Based on extracts from-A short history of the Oxfordshire and Buckinghamshire Light Infantry, 1741-1922 for the young soldiers of the Regiment. By R.B. Crosse
Light Infantry and " Rifle Men."
" . . . . The service of Light Infantry does not so much require men of stature as it requires them to be intelligent, hardy, and active. And they should, in the first instance, be young, or they will neither take to the service, nor be easily interested in it. . . ,"-—Sir John Moore, January 17th, 1803.
Light troops, not including Light Cavalry, were of two kinds : (a) Light Infantry, who, according to the idea of the day, acted in support to, or else co-operated with (b) rifle men, whose duties were primarily to skirmish, and to gain contact with the enemy, as well as information of his movements and intentions. They were dressed accordingly in green, the first form of "service dress” adopted for the purposes for which khaki is worn now, with very plain uniforms, dull buttons and few ornaments. They carried the Baker rifle, accurate up to 300 yards, and a short sword, which could be fixed as a bayonet. All movements were carried out by sound of bugle-horn, and the officers and sergeants carried a whistle.
To the light troops fell the difficult, dangerous and so the honourable duties of war, the service of protection; the advanced and rearguards and the scouting, reconnaissance and skirmishing on the move, the outposts when halted, and the alertness at all times, which these duties involved. The men were trained to act, not as machines, but as intelligent individuals ; in fact, individual training, including education, as a preliminary to all forms of further collective training, was from the first regarded as essential for light troops. Men were taught to think, skirmish and in all respects take care of themselves under all conditions; they were especially taught to shoot, and were given better fire-arms than the other regiments ; particular attention was paid to marching, care being taken that, while greater speed was practised, the length of pace was no shorter than the regulation, and that in the interests of the soldier himself, all the rules of march-discipline were most rigidly obeyed. It became a point of honour with each soldier to keep himself physically fit so that he could keep his place in the ranks and not be either a burden to his comrades by needing to be helped in the carrying of his arms and equipment, or a cause of bringing discredit on his company and his regiment by having to fall out of the ranks.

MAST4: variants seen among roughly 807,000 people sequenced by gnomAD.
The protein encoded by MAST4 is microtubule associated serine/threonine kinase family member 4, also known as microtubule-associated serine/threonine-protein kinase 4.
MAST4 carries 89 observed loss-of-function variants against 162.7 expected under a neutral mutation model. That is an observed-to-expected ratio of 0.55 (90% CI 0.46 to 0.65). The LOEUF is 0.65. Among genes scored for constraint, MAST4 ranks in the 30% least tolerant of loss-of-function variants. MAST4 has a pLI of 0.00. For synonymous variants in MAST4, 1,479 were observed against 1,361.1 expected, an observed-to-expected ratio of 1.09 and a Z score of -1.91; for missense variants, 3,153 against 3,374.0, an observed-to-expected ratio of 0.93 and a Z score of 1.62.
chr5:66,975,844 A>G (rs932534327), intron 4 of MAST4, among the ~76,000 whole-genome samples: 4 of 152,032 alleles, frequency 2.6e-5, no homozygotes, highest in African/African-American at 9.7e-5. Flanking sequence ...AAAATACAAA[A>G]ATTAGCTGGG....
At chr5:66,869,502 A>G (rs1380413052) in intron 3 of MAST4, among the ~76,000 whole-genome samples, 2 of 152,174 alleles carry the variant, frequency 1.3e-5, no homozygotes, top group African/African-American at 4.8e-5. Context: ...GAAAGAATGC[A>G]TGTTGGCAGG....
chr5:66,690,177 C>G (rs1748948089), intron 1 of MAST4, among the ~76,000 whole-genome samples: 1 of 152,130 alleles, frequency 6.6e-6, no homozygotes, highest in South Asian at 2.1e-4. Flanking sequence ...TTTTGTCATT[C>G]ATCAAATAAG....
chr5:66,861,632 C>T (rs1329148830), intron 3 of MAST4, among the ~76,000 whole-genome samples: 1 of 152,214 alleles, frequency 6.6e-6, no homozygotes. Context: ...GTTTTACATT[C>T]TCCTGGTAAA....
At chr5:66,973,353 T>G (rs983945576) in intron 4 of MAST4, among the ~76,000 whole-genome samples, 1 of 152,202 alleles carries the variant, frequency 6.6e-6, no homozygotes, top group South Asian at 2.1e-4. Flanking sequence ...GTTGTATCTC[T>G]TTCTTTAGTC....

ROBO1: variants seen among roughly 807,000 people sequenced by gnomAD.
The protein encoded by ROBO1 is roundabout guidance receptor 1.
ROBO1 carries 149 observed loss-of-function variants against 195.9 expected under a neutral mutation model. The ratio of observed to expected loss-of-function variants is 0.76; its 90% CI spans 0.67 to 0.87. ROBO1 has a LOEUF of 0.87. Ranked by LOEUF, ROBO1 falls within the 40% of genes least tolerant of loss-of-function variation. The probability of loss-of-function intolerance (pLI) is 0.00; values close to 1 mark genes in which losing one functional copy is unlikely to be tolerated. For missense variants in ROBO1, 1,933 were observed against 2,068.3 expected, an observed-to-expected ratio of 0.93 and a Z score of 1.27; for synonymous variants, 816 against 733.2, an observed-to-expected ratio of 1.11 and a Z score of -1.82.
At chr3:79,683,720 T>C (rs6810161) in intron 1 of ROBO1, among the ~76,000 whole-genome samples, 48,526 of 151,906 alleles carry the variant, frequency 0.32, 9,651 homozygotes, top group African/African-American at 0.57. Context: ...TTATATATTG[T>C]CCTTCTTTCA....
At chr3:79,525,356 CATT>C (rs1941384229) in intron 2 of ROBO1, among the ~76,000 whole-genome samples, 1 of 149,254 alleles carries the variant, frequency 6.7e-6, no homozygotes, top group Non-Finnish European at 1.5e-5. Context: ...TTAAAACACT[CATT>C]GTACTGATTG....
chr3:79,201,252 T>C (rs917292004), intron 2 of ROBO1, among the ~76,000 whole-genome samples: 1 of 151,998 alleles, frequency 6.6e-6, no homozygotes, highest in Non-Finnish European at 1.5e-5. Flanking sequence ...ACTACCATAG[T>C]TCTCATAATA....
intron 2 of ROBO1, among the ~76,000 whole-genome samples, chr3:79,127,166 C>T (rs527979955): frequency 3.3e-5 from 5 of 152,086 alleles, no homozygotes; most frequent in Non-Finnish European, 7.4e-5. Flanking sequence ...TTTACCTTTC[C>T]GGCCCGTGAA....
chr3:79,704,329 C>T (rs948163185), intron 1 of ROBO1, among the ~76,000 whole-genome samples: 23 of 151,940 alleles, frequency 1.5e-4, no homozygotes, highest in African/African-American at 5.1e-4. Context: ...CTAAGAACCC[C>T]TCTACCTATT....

The Training of Sir John Moore's Light Brigade at Shorncliffe.
In January, 1803, at Chatham, the 1st Battalion 52nd Regiment became the 52nd Light Infantry, and so the senior regiment of light infantry in the Service. Its 2nd Battalion was separated from it about the same time and numbered the 96th. Early in July the 52nd joined the camp at Shorncliffe, and a few days later, while still in the Channel Islands, a like distinction was conferred upon the 43rd, who then became the 43rd Light Infantry and the second regiment to be thus honoured. In January, 1804, the 43rd was transferred to Ashford, and in June joined the camp at Shorncliffe, when the Light Brigade, composed of the 43rd, 52nd, and 95th Rifles, was then complete, under Major-General John Moore, Colonel of the 52nd.
Meanwhile, in the country around Shorncliffe, which is so well adapted for the exercise of light troops, a programme of the most active training had begun, on the system laid down by Major-General Moore, who, having explained his wishes to the commanding officers of regiments, permitted each to fix upon his own hours for drills, but required to be informed of the time and place of parade, and seldom failed to attend.
To give the soldier a free unconstrained attitude, and to march with the utmost ease and steadiness, were the primary objects of the training, so that nothing should be left undone to have the brigade in the most efficient state to march against the enemy. The threat of invasion, and the knowledge that a landing by the French on the coast of Kent would have to be met by the Light Brigade, kept every individual in the same constant state of activity and vigilance as if absolutely in the presence of an enemy; and the careful supervision of the General infused a soul and spirit throughout all ranks, which made them perform their various duties with a zeal and alacrity seldom attained in other regiments.
In 1804 Major-General Moore was created a Knight of the Bath, when the officers of the 52nd presented him with a diamond star.
Sir William Napier, who served at Shorncliffe first in the 52nd and then in the 43rd, wrote of the Light Division, that the three British regiments composing it had been formed by Sir John Moore precisely upon the same system. There was no difference save in the colour of the riflemen's jackets and the weapons which they carried. The riflemen fought in skirmishing order more frequently than the 43rd and 52nd because their arms, the rifle and sword, did not suit any other formation; and in that respect were inferior to the musket and bayonet for close or open order. The riflemen of the Light Division could form line, columns, and squares— could move as a heavy body—could do, and did do, everything that the best soldiers in the world ought to do; and in like manner the 43rd and 52nd Regiments skirmished and performed all the duties of light troops with the same facility as the riflemen, but the difference of the weapon made it advisable to use the latter nearly always in open order.
In 1804 second battalions had again been raised ; in August for the 52nd, at Newbury, from Hertfordshire, Oxfordshire, and Berkshire; and in November, for the 43rd, at Bromsgrove. From 1805 both the new battalions were at Hythe and elsewhere in Kent, until they proceeded on active service in 1807 and 1808. A second battalion was added to the 95th (Rifle) Regiment at Canterbury in May, 1805.